Just wondering how other blended families see/ handle this! :)

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#2 of 22 Old 01-10-2013, 10:02 AM
 
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My family is a mix of his-mine-ours, too. This is what I do.

 

To people who I may never speak to again, but for some reason I need to say how many children we have, I say - we have six kids. I do not have six kids, but husband and I together do - which is why I say we.

 

If I need to be more specific, because these people will be in our life for a period of time, and I will be the one to mostly deal with them, I say - Husband and I have six kids. I have one in the Army, husband has three from a previous marriage - one lives with us, and I have two boys. If I have to get very specific, it's - I have one in the Army by custody from a previous relationship, husband has three from a previous marriage, I have one by birth by donor but legally husbands, and husband and I have one by birth. (Crazy, huh? lol)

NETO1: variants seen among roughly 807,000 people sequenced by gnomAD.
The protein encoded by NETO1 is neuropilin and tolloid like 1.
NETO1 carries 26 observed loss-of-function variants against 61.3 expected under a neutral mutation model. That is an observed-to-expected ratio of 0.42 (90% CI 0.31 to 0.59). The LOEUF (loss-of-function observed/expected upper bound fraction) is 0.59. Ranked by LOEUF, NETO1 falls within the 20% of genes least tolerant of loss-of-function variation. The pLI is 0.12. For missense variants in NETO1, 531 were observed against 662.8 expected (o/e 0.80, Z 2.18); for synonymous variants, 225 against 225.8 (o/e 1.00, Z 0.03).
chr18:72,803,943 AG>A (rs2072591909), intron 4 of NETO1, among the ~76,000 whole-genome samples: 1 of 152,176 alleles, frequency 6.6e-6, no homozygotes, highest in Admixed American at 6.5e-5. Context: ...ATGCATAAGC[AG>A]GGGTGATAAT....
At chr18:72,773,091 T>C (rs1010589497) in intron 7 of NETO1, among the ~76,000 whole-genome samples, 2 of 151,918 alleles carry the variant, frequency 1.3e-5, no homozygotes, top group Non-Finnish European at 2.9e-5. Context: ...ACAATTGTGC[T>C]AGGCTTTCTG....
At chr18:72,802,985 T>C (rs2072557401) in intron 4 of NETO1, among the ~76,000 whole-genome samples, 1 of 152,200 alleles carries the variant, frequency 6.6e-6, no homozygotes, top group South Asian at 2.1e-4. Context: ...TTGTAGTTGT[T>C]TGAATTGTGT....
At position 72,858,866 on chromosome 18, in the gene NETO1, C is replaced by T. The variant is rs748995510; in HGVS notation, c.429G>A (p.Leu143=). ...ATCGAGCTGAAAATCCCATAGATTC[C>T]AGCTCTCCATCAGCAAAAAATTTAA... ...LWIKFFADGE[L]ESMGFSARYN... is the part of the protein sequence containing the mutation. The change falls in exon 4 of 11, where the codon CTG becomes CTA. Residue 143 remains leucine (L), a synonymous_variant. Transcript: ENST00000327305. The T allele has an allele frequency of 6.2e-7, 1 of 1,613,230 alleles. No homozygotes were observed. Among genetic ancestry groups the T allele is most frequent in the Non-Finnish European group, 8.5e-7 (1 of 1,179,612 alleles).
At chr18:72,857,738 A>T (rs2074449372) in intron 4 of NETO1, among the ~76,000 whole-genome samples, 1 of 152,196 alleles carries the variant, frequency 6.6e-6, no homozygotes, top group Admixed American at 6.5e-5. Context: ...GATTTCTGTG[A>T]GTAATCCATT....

The step/half/whatever topic doesn't usually come up, because all of the children were raised together until 3yrs ago (LONG story). But when it does, we do confirm who is a step, who is a half, and who is not biologically connected at all - but is still a sibling. It usually lasts for about 10min, then topics change and they forget why they asked. 

 

We never stressed who belonged to who - they were/are all siblings. And even though we don't all live together anymore, they all treat each other as siblings, and my boys (the youngest of the bunch) know that the older kids are their brothers/sisters. 


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#3 of 22 Old 01-10-2013, 06:56 PM